For a widow wouldn't have a husband to help her, to speak up for her, to pay the bills, to love her. She was all alone in the world, and had to make it on her own. And in a sense she was powerless, particularly back then in that chauvinistic, male dominated culture. And so life was hard for this widow, but now she has an opponent, someone who was against her. 1 Peter 5:8. Now we don't know the particular situation, but maybe there was theft, or extortion, or some kind of false accusations. But it couldn't have been just a little problem, for why otherwise would she have gone to this judge for help?  

This woman, this widow, then wants some kind of legal protection or help. Now these words,  "legal protection" in the Greek literally means "from justice." And so this phrase can also be  translated as give me justice, or vindicate me. That is, this woman was right, and her opponent was wrong and unrighteous. This woman had a good reason, a righteous reason, a just cause in coming to this judge.

And so this woman goes to this judge, for she knows that he has the authority and power to do something about her situation; and so she asks for help, but the judge doesn't listen to her. He just ignores her; he just turns his back on her; he really doesn't care about this woman. But the woman perseveres and keeps asking the judge for help. And the judge keeps saying no, for it says "for a while he was unwilling." But this widow has no one else to turn to. Indeed, she's helpless; and so she keeps going to the judge and keeps asking him to judge righteously on her behalf against her opponent. She doesn't give up; she doesn't tire of asking this judge for his help. She perseveres.

And so after awhile, the judge gives in, and decides to help this woman in her fight against this opponent. But he doesn't do it because it's the right thing to do, or because he's following the laws of God or the laws of the land; he doesn't do it because he cares for this woman and is concerned about her. In fact, he has no empathy or compassion for her. 

- He says she's going to wear him out. He's just plain tired of her continued persistence, her bugging him, her bothering him, or as it literally says, causing him trouble. This widow was a pain, and he didn't like it. And so finally, he helps her; he finally does what is right, not out of a right motive, but out of a wrong and selfish motive.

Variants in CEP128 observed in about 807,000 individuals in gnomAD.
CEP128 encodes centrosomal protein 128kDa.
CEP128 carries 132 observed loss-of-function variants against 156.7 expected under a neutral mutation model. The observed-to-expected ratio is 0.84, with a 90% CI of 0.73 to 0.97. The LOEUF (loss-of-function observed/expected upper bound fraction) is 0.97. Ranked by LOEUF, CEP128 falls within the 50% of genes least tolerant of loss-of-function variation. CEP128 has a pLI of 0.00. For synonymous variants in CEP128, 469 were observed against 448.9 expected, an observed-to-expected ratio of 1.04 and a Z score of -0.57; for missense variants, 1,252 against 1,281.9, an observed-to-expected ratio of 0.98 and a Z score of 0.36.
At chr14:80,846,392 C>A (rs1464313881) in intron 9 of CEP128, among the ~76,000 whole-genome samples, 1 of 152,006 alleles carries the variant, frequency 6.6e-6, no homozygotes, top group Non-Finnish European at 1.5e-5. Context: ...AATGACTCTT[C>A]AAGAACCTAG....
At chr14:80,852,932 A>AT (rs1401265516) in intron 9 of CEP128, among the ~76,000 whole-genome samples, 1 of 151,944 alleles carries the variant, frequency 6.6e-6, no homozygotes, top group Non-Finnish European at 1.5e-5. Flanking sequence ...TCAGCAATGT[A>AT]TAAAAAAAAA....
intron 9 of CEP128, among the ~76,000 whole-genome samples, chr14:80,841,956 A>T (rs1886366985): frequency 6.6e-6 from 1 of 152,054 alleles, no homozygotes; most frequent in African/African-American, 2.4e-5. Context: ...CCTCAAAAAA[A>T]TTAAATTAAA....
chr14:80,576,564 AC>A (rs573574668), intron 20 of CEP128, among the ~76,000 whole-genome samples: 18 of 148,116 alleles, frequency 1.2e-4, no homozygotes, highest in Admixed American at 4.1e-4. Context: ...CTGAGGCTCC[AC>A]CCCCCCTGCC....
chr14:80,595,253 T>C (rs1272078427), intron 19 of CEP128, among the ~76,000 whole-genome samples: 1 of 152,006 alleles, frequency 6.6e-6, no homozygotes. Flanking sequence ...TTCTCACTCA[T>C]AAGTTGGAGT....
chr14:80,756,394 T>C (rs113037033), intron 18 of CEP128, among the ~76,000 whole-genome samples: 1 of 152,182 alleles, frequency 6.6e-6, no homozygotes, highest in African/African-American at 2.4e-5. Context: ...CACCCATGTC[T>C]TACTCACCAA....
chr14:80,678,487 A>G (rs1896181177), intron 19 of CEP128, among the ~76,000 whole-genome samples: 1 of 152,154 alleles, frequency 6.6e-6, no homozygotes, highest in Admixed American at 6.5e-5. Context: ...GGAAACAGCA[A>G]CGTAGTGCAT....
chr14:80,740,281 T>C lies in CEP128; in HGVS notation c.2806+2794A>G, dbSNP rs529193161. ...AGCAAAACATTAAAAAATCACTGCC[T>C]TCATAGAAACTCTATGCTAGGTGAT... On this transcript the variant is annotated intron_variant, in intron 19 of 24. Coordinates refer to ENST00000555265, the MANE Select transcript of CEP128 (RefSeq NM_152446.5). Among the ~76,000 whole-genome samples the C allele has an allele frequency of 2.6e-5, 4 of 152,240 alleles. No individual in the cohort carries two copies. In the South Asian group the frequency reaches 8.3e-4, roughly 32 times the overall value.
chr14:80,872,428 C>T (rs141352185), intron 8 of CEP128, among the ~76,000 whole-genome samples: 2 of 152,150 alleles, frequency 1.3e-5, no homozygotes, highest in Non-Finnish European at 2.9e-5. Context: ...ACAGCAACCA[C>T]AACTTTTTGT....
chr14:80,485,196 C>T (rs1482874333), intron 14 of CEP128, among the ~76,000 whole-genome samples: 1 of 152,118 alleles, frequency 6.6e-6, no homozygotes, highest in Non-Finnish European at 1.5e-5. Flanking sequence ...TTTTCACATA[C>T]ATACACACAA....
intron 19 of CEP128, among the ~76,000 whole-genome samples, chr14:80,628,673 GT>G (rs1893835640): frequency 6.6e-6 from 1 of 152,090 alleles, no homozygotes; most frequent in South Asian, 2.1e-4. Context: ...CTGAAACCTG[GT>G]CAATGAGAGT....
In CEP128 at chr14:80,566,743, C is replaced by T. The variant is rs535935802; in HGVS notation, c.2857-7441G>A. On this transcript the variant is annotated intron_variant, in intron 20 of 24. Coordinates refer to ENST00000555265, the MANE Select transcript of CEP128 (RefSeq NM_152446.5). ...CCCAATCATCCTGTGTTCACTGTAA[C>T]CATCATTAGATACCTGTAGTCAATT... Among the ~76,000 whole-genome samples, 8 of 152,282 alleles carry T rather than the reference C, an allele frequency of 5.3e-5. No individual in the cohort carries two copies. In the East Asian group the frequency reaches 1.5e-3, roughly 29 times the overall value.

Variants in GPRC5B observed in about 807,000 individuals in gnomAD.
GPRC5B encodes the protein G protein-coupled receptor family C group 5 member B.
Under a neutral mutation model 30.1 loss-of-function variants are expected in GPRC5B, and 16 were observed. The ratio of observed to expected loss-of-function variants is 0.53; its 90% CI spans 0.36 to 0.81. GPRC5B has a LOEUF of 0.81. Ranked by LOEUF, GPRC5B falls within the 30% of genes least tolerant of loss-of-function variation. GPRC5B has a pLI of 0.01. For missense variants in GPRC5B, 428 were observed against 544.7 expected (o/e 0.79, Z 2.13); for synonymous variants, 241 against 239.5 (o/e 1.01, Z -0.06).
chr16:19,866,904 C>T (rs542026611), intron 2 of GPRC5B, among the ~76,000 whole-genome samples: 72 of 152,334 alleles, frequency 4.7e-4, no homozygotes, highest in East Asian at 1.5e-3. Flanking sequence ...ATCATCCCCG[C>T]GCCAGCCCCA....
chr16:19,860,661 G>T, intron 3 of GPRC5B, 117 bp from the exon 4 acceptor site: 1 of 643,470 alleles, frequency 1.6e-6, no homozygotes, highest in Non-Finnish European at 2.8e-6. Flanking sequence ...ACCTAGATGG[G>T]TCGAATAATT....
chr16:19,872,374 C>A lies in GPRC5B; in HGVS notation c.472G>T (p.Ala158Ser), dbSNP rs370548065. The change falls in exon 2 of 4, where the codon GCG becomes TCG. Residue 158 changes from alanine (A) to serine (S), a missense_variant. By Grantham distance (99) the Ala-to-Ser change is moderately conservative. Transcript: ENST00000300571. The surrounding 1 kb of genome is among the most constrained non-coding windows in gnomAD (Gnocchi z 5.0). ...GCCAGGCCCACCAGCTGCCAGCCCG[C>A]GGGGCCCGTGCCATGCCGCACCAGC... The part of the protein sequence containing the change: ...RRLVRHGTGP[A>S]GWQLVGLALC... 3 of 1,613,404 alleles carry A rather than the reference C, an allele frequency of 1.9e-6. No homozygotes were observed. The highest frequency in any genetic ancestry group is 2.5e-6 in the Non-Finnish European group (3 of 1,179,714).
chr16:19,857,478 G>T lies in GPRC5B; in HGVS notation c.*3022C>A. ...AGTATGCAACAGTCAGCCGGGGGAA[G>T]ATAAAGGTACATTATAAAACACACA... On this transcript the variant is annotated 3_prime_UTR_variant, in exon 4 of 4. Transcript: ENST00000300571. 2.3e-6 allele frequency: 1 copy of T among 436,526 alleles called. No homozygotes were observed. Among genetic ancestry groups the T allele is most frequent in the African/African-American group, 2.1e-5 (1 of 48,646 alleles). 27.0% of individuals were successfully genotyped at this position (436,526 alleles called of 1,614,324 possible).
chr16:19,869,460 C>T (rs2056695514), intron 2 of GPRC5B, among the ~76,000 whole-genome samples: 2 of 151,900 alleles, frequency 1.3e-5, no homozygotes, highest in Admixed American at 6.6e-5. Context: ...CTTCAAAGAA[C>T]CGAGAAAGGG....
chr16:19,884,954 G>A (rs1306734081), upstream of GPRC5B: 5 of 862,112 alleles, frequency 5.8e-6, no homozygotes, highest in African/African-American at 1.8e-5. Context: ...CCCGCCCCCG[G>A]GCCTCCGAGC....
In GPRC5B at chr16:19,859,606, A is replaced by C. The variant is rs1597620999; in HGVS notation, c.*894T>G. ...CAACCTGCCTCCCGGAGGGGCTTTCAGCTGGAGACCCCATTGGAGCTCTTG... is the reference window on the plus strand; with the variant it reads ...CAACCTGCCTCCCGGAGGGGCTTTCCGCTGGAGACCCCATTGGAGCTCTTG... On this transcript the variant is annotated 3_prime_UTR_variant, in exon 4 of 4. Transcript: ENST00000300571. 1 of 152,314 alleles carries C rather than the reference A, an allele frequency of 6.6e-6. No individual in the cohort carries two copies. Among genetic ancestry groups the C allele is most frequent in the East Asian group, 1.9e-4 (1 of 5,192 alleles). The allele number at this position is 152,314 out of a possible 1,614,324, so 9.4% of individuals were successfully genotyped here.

Luke 18:6-7   Now what do we learn from this unrighteous judge. Well, we have this extreme comparison, and by this comparison we learn a lesson. The lesson is that if this unrighteous, uncaring, unloving judge grants justice to this woman, then how much more will a righteous, caring, and loving God grant justice for His elect, for the believers He chose before the foundation of the world, the ones He eternally loved, the ones He bought with the blood of His very own Son. 

Certainly then, God in His mercy, compassion and grace, will answer our prayers. Surely God hears us and longs to meet all our needs. Surely he desires to answer our supplications on the behalf of others.

- This parable then is instructive, helping us to see the importance of persevering prayer, and helping us to see the relationship between persevering prayer and knowing God's character. You need to know and believe that God loves you and wants to do you good, and wants to bless you, and therefore wants to answer your prayers. Any good father listens to his children and loves to answer his children's requests, if they are good and righteous requests. How much more so does God listen to us and answer our good and righteous requests. Matthew 7:7-11

Now we read that we are to cry to God day and night. Psalm 57:2-3, 61:1, 86:6. This word cry speaks of an intense and very desperate prayer. I think of how babies cry; and when babies are crying, they're crying out for help. And they're not faking it. Little babies are sincere and are desperate. They want something; they need something; and they usually keep crying until they get it.

But here we read that the elect are crying day and night. This prayer isn't just a one time prayer, but a determined, persevering, steadfast, day and night prayer. Psalm 86:3

- And this is what God wants for us, to be determined, persevering and desperate in our prayers. God wants us to keep coming to Him and asking Him for our needs and the needs of others. And this perseverance shows that we're truly sincere, that we're looking to Him for help, that we have faith, and that we're believing that only He can answer our prayers.